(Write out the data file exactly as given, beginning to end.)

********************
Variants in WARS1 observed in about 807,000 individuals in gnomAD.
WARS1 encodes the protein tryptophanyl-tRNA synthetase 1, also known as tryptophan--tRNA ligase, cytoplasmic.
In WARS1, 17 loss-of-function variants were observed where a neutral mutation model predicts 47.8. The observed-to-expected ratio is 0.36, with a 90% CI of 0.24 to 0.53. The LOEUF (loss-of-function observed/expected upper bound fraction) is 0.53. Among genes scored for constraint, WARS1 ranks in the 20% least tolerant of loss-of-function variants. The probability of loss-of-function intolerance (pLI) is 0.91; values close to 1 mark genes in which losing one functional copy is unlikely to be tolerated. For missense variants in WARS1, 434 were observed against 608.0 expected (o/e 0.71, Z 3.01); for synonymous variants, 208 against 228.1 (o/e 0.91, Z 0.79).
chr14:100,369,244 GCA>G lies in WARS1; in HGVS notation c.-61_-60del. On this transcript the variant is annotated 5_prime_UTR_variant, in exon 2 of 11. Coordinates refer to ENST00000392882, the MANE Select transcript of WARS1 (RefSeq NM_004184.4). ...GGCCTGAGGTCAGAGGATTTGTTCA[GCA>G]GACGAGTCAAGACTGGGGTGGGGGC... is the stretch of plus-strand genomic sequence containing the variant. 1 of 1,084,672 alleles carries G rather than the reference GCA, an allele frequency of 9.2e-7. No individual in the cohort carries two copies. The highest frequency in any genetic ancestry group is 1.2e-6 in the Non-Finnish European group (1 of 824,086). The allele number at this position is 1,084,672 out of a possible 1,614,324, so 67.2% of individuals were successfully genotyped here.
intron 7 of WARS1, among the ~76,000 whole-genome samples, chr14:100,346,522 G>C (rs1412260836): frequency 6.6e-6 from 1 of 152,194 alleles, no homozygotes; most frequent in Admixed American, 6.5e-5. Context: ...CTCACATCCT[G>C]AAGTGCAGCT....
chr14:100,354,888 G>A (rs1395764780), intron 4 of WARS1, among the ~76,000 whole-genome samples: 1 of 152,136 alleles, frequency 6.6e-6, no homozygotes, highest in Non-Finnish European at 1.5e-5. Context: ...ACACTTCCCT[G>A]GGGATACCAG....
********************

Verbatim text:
Variants in WARS1 observed in about 807,000 individuals in gnomAD.
WARS1 encodes the protein tryptophanyl-tRNA synthetase 1, also known as tryptophan--tRNA ligase, cytoplasmic.
In WARS1, 17 loss-of-function variants were observed where a neutral mutation model predicts 47.8. The observed-to-expected ratio is 0.36, with a 90% CI of 0.24 to 0.53. The LOEUF (loss-of-function observed/expected upper bound fraction) is 0.53. Among genes scored for constraint, WARS1 ranks in the 20% least tolerant of loss-of-function variants. The probability of loss-of-function intolerance (pLI) is 0.91; values close to 1 mark genes in which losing one functional copy is unlikely to be tolerated. For missense variants in WARS1, 434 were observed against 608.0 expected (o/e 0.71, Z 3.01); for synonymous variants, 208 against 228.1 (o/e 0.91, Z 0.79).
chr14:100,369,244 GCA>G lies in WARS1; in HGVS notation c.-61_-60del. On this transcript the variant is annotated 5_prime_UTR_variant, in exon 2 of 11. Coordinates refer to ENST00000392882, the MANE Select transcript of WARS1 (RefSeq NM_004184.4). ...GGCCTGAGGTCAGAGGATTTGTTCA[GCA>G]GACGAGTCAAGACTGGGGTGGGGGC... is the stretch of plus-strand genomic sequence containing the variant. 1 of 1,084,672 alleles carries G rather than the reference GCA, an allele frequency of 9.2e-7. No individual in the cohort carries two copies. The highest frequency in any genetic ancestry group is 1.2e-6 in the Non-Finnish European group (1 of 824,086). The allele number at this position is 1,084,672 out of a possible 1,614,324, so 67.2% of individuals were successfully genotyped here.
intron 7 of WARS1, among the ~76,000 whole-genome samples, chr14:100,346,522 G>C (rs1412260836): frequency 6.6e-6 from 1 of 152,194 alleles, no homozygotes; most frequent in Admixed American, 6.5e-5. Context: ...CTCACATCCT[G>C]AAGTGCAGCT....
chr14:100,354,888 G>A (rs1395764780), intron 4 of WARS1, among the ~76,000 whole-genome samples: 1 of 152,136 alleles, frequency 6.6e-6, no homozygotes, highest in Non-Finnish European at 1.5e-5. Context: ...ACACTTCCCT[G>A]GGGATACCAG....